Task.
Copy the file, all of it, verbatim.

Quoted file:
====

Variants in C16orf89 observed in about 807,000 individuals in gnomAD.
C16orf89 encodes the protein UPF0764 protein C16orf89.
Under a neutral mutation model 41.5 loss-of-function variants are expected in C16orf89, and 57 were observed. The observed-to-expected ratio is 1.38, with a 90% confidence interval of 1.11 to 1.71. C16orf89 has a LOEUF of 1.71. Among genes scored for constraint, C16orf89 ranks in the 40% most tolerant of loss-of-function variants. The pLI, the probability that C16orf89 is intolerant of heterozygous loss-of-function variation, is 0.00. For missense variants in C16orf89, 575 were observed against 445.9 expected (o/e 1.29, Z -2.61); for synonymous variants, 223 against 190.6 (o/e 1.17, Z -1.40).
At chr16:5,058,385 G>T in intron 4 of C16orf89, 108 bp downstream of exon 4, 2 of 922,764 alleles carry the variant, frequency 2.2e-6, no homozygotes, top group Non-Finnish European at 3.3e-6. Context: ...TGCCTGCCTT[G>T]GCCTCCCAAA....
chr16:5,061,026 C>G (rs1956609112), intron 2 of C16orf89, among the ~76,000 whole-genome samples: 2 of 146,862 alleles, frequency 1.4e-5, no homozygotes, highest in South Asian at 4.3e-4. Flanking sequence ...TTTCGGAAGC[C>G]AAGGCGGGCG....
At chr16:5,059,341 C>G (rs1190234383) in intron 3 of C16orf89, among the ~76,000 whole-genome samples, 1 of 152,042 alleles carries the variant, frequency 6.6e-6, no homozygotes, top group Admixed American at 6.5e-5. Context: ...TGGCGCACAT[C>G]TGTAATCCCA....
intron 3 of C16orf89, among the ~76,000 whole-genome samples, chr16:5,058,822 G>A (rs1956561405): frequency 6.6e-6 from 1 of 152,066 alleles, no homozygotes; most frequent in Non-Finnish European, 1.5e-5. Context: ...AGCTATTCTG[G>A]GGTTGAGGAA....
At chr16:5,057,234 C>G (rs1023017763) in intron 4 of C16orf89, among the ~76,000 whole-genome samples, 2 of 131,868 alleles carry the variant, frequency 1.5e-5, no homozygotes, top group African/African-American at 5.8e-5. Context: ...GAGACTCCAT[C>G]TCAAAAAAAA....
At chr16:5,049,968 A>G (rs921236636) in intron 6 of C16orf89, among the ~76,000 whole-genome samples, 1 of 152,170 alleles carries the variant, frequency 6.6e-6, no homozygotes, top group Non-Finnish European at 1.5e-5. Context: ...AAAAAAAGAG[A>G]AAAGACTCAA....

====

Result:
Variants in C16orf89 observed in about 807,000 individuals in gnomAD.
C16orf89 encodes the protein UPF0764 protein C16orf89.
Under a neutral mutation model 41.5 loss-of-function variants are expected in C16orf89, and 57 were observed. The observed-to-expected ratio is 1.38, with a 90% confidence interval of 1.11 to 1.71. C16orf89 has a LOEUF of 1.71. Among genes scored for constraint, C16orf89 ranks in the 40% most tolerant of loss-of-function variants. The pLI, the probability that C16orf89 is intolerant of heterozygous loss-of-function variation, is 0.00. For missense variants in C16orf89, 575 were observed against 445.9 expected (o/e 1.29, Z -2.61); for synonymous variants, 223 against 190.6 (o/e 1.17, Z -1.40).
At chr16:5,058,385 G>T in intron 4 of C16orf89, 108 bp downstream of exon 4, 2 of 922,764 alleles carry the variant, frequency 2.2e-6, no homozygotes, top group Non-Finnish European at 3.3e-6. Context: ...TGCCTGCCTT[G>T]GCCTCCCAAA....
chr16:5,061,026 C>G (rs1956609112), intron 2 of C16orf89, among the ~76,000 whole-genome samples: 2 of 146,862 alleles, frequency 1.4e-5, no homozygotes, highest in South Asian at 4.3e-4. Flanking sequence ...TTTCGGAAGC[C>G]AAGGCGGGCG....
At chr16:5,059,341 C>G (rs1190234383) in intron 3 of C16orf89, among the ~76,000 whole-genome samples, 1 of 152,042 alleles carries the variant, frequency 6.6e-6, no homozygotes, top group Admixed American at 6.5e-5. Context: ...TGGCGCACAT[C>G]TGTAATCCCA....
intron 3 of C16orf89, among the ~76,000 whole-genome samples, chr16:5,058,822 G>A (rs1956561405): frequency 6.6e-6 from 1 of 152,066 alleles, no homozygotes; most frequent in Non-Finnish European, 1.5e-5. Context: ...AGCTATTCTG[G>A]GGTTGAGGAA....
At chr16:5,057,234 C>G (rs1023017763) in intron 4 of C16orf89, among the ~76,000 whole-genome samples, 2 of 131,868 alleles carry the variant, frequency 1.5e-5, no homozygotes, top group African/African-American at 5.8e-5. Context: ...GAGACTCCAT[C>G]TCAAAAAAAA....
At chr16:5,049,968 A>G (rs921236636) in intron 6 of C16orf89, among the ~76,000 whole-genome samples, 1 of 152,170 alleles carries the variant, frequency 6.6e-6, no homozygotes, top group Non-Finnish European at 1.5e-5. Context: ...AAAAAAAGAG[A>G]AAAGACTCAA....